Richard Dawkins Foundation for Reason and Science website

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RichardDawkins.net is a website run the Richard Dawkins Foundation for Reason and Science which sells books, videos, and various merchandise; as well as the home to Richard Dawkins' forums.

On August 16, 2014, Andrew Brown wrote an article for The Spectator entitled The bizarre – and costly – cult of Richard Dawkins which declared:

...the Richard Dawkins website offers followers the chance to join the ‘Reason Circle’, which, like Dante’s Hell, is arranged in concentric circles. For $85 a month, you get discounts on his merchandise, and the chance to meet ‘Richard Dawkins Foundation for Reason and Science personalities’. Obviously that’s not enough to meet the man himself. For that you pay $210 a month — or $5,000 a year — for the chance to attend an event where he will speak...

But the $85 a month just touches the hem of rationality. After the neophyte passes through the successively more expensive ‘Darwin Circle’ and then the ‘Evolution Circle’, he attains the innermost circle, where for $100,000 a year or more he gets to have a private breakfast or lunch with Richard Dawkins, and a reserved table at an invitation-only circle event with ‘Richard’ as well as ‘all the benefits listed above’, so he still gets a discount on his Richard Dawkins T-shirt saying ‘Religion — together we can find a cure.’

The website suggests that donations of up to $500,000 a year will be accepted for the privilege of eating with him once a year: at this level of contribution you become a member of something called ‘The Magic of Reality Circle’. I don’t think any irony is intended.

At this point it is obvious to everyone except the participants that what we have here is a religion without the good bits.[1]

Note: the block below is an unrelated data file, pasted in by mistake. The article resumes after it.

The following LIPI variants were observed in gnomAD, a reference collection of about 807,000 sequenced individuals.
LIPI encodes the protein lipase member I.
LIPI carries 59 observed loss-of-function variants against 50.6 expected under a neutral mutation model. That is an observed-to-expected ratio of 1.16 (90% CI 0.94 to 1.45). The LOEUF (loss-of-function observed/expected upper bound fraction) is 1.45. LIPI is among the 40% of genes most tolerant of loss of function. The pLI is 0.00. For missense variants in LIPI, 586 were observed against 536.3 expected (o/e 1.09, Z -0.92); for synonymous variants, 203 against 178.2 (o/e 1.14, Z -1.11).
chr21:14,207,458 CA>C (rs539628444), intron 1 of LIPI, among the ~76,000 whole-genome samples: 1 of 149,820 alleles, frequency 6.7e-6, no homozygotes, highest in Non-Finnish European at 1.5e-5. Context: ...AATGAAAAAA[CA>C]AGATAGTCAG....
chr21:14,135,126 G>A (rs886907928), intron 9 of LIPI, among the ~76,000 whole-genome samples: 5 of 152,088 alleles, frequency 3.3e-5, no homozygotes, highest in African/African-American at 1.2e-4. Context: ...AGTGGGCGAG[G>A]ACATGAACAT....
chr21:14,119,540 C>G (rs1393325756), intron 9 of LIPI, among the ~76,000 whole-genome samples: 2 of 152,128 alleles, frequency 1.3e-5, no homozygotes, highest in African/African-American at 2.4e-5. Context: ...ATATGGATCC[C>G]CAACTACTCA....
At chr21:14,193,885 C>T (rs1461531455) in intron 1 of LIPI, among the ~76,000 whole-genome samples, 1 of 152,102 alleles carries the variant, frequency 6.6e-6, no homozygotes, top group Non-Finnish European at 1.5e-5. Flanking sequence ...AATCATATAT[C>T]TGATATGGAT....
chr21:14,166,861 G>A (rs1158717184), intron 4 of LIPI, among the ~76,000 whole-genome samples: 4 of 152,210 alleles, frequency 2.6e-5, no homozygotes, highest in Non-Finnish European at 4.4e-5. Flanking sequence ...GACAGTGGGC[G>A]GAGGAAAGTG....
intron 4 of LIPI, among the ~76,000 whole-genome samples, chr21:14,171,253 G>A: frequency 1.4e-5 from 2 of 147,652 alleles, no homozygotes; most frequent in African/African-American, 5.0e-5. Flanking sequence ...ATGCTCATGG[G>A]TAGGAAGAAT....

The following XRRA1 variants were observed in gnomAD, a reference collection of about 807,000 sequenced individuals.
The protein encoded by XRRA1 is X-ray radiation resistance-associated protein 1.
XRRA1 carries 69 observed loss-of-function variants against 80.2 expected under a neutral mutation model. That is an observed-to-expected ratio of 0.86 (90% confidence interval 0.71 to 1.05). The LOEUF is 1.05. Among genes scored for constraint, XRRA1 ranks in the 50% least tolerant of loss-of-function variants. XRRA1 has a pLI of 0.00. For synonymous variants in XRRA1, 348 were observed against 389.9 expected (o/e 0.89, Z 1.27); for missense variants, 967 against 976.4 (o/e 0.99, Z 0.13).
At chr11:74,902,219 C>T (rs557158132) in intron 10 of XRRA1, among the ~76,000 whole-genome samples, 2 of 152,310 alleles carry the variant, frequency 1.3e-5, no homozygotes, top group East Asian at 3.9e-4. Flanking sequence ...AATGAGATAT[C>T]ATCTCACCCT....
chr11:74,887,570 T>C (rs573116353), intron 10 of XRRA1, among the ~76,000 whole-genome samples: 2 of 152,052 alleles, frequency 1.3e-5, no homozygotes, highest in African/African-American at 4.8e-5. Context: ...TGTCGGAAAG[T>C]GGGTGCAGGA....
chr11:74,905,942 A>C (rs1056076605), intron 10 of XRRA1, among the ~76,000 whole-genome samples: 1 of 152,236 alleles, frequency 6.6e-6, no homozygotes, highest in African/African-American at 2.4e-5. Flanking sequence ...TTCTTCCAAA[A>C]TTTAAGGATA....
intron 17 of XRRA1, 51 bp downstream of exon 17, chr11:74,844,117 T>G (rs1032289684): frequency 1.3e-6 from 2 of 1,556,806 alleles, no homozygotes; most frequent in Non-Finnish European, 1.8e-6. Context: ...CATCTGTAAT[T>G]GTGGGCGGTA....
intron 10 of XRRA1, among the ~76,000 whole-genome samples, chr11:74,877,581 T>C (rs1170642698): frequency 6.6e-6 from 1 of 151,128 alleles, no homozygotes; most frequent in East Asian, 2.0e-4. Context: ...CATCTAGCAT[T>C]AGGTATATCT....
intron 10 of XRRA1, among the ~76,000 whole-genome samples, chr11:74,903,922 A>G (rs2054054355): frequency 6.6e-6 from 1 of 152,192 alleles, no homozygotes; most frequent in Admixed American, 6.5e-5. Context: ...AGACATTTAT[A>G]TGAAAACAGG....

According to The Richest, "Richard Dawkins..has an estimated net worth of $135 million ($100 euro) according to the Sunday Times in 2012."[2]

Richard Dawkins Foundation for Reason and Science embezzlement allegation relating to his website

See also: Richard Dawkins and morality and Atheist nonprofit scandals

The Independent wrote about the Richard Dawkins Foundation for Reason and Science:

The Richard Dawkins Foundation for Reason and Science, has filed four lawsuits in a Californian court alleging that Mr Timonen, who ran its online operation in America, stole $375,000 (£239,000) over three years. It is claiming $950,000 in damages, while Mr Dawkins is suing him for $14,000 owed to him personally. Mr Timonen strongly denies the allegations.

In the 18-page complaint filed in a Los Angeles court, the foundation claims that Mr Timonen said the website he was running was just "squeaking by," making only $30,000 in three years, when in fact it was grossing 10 times that sum. The charity alleges that Mr Timonen pocketed 92 per cent of the money generated by the store, with his girlfriend spending $100,000 of the charity's money on upgrading her home before putting it on the market.

The funds apparently came on top of Mr Timomen's pay – of $278,750 over three-and-a-half years (£50,000 a year) – which legal documents filed by the foundation describe as "exceedingly generous and well above-market for someone of Timomen's age and experience...[3]

Atheist Hemant Mehta reported in 2011 that Dawkins ended his legal actions against Mr. Timonen.[4]

David Gorski at Scienceblogs wrote about this matter:

Timonen has responded. Although I find his denial self-serving, I do find it odd that there have been no arrests. After all, embezzlement is a criminal offense. If I ran a charitable organization and discovered that an employee had embezzled close to $1 million, I’d have called the police, not the lawyers. Something more than meets the eye appears to be going on here.[5]